Dig those crazy tourists
Tourists are crazy.
This occurred to me, during a recent trip to Switzerland, moments after shooting a photograph of my own foot next to a large slug.
This really was an extraordinarily large slug, one of the biggest I'd seen during this trip, and I'd seen quite a few. Slugs seem to grow larger in Switzerland than in the U.S. Too much chocolate, perhaps.
I decided to photograph this slug with my foot alongside it to give the viewer a sense of scale. As I focused the camera, I sincerely believed somewhere in my world was someone who would want to see a picture of a very large Swiss slug.
The second the shutter clicked, however, the delusion evaporated and the truth dawned on me: Nobody would ever be interested in my slug photo and tourists are crazy.
In a foreign country, everything is fascinating. Tourists treat supermarkets like museums, locals like sideshows, and the mundane like the fantastic. It's crazy.
Most tourists have their own version of my slug photo. Kira from California, a fellow tourist in Switzerland, photographed a cup of coffee one morning "The waitress thought I was insane," Kira said.
She was, in a tourist way. So was a Swiss woman I met, whose photo album of a cruise she'd taken included a photograph of a hallway. Tourists photograph motel rooms, waiters, street signs and scenes so obscure, their significance is quickly forgotten though at the time, in our tourist induced insanity, we apparently found them worthy of record.
I lost my mind again a few moments after the slug incident, which happened on a drizzly day while I explored one of Switzerland 's wonderful footpaths
What must that Swiss woman have thought when she stumbled upon me peering studiously at a receptacle called a "Robidog," which was designed specifically for dog doo disposal? I'd never seen such a thing before and it warranted investigation, but how could even the most eloquent sign language explain my fascination? I didn't try; I just blushed and hurried along
At the next Robidog station, however, I checked for witnesses, then grabbed several of the plastic disposal bags (decorated with a picture of a doggie in the act) and stuffed them in my pocket as souvenirs. These were such a smash among my fellow crazies, several sought out Robidog bags for souvenirs of their own.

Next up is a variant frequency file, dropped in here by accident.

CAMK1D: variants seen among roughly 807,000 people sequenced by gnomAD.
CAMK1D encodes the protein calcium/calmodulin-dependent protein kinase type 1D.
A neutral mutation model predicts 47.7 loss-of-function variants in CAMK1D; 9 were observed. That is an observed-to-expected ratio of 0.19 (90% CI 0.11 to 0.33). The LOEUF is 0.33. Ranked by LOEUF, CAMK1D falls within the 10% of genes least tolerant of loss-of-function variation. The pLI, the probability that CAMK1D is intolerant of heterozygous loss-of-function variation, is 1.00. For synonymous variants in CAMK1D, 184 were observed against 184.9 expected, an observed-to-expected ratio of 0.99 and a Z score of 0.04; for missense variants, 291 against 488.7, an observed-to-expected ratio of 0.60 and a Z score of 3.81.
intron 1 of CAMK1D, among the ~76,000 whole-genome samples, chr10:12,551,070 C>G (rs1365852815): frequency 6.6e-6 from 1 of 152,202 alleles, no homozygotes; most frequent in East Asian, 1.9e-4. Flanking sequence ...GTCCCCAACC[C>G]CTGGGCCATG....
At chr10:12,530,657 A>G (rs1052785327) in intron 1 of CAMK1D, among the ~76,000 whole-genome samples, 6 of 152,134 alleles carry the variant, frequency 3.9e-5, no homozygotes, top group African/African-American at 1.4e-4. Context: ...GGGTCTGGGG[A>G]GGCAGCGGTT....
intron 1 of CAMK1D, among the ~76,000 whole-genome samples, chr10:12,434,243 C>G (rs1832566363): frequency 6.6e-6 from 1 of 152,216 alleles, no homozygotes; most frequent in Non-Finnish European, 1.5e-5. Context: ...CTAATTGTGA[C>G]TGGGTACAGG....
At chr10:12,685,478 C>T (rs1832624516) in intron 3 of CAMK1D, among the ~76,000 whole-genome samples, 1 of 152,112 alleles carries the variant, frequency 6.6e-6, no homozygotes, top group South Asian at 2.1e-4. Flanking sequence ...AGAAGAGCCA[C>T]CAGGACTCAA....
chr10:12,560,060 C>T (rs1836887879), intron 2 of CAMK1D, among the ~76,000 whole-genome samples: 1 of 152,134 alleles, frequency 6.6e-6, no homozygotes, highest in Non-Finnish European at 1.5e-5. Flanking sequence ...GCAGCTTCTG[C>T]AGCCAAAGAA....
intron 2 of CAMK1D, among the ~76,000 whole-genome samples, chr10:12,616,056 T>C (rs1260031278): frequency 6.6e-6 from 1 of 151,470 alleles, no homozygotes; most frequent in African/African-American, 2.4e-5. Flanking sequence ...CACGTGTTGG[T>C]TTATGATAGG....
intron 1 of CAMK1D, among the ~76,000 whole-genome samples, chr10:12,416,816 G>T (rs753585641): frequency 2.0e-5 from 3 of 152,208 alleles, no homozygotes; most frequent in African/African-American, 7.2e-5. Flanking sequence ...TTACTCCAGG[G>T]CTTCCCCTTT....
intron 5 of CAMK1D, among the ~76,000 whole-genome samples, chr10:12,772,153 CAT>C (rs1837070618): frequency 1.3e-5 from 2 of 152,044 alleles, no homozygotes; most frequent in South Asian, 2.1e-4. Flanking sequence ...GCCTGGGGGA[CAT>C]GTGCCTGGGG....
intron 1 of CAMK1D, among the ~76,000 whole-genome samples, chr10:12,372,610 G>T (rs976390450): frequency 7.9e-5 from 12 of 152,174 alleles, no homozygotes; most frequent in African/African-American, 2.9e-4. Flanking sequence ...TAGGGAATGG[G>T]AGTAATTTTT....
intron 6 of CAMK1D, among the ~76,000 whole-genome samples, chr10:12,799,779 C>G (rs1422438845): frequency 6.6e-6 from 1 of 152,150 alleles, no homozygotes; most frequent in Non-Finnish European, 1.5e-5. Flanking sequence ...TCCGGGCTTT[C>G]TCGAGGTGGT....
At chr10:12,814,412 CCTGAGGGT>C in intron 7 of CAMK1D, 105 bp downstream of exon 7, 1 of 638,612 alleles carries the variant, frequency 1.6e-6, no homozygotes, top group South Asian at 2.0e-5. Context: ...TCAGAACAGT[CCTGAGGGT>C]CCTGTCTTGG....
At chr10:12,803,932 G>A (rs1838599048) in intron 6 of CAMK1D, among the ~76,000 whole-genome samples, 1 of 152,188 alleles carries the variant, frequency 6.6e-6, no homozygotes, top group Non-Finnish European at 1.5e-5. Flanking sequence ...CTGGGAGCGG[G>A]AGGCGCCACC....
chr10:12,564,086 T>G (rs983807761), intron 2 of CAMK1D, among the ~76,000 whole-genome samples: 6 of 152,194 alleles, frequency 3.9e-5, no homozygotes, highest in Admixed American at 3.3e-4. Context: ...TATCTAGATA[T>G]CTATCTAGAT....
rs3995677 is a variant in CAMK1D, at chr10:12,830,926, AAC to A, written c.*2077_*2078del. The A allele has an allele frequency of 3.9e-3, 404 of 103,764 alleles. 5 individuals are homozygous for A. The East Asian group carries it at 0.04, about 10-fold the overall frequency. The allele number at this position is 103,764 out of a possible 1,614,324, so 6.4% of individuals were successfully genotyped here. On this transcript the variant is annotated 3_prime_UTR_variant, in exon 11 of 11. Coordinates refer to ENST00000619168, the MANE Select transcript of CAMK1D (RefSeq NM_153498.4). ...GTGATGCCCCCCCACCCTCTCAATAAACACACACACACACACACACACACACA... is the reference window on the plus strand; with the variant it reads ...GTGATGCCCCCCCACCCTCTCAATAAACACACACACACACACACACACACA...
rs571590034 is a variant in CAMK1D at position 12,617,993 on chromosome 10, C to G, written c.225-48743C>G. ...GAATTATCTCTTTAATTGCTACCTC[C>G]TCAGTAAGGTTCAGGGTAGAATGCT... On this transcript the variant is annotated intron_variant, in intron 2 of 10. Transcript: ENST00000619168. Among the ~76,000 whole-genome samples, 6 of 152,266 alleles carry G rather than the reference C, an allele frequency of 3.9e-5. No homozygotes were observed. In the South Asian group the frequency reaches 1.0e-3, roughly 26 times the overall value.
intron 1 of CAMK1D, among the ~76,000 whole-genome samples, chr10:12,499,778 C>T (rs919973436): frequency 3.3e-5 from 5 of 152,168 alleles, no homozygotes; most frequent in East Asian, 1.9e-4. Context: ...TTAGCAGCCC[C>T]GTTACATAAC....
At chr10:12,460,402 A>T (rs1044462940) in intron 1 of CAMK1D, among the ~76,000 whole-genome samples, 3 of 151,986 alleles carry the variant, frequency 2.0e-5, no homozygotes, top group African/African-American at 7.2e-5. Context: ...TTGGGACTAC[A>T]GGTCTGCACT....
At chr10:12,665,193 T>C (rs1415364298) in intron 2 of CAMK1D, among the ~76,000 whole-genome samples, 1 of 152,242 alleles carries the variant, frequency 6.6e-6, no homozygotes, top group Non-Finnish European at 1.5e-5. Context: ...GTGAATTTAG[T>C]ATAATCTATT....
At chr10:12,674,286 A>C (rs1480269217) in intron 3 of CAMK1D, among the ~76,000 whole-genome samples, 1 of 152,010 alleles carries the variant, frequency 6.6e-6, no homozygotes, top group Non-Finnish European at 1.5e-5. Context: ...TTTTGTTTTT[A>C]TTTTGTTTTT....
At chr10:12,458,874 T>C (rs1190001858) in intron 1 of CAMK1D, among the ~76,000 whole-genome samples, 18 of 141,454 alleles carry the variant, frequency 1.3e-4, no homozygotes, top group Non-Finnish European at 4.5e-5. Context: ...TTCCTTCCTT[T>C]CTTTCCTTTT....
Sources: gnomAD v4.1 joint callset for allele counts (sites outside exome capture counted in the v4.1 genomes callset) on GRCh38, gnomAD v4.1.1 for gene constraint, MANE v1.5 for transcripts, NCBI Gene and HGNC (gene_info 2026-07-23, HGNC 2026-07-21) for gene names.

And how about the crazy things tourists say? I had trouble recalling at crucial moments the casual greeting, "grüezi," and so sometimes would simply mumble whatever "g" word first came to mind Guernsey, greasy, Gretsky and hope it sounded close enough.
Steven from Ohio, flustered by a stream of German directed at him, interrupted the verbose local by explaining, "I don't speak English." Kira, after a complicated interaction with a German speaking waitress, expressed her satisfaction with the outcome.
"Vetty goot," she said. What devious part of tourists' addled brains tells us that speaking English with a funny accent is just like speaking another language?
Even when tourists are not acting crazy, we may look it. Away from home and all our stuff, we often must improvise, with sometimes strange results
I forgot to bring a water bottle on this trip and planned to do a lot of hiking. In the refrigerator of my rented apartment I came across a half full plastic bottle of what, without studying the label, I mistook for celery soda. I decided to empty the bottle to use for water.
The moment I started pouring out the contents, however, I realized my mistake. Examining the label, I saw it clearly said "vinaigre." Oh well, I'd poured out much of it already. I emptied the rest, washed the bottle out, and it became my water bottle.
So, back to that damp day in the country, where I paused by the side of a narrow road for a drink of water. At that moment, a car drove by.
The driver had a funny expression on his face as he passed and I realized that, as far as he could tell, I was standing in the rain, juggling a camera, knapsack, and umbrella, and swilling vinegar.
I could almost see the thought balloon as he drove past.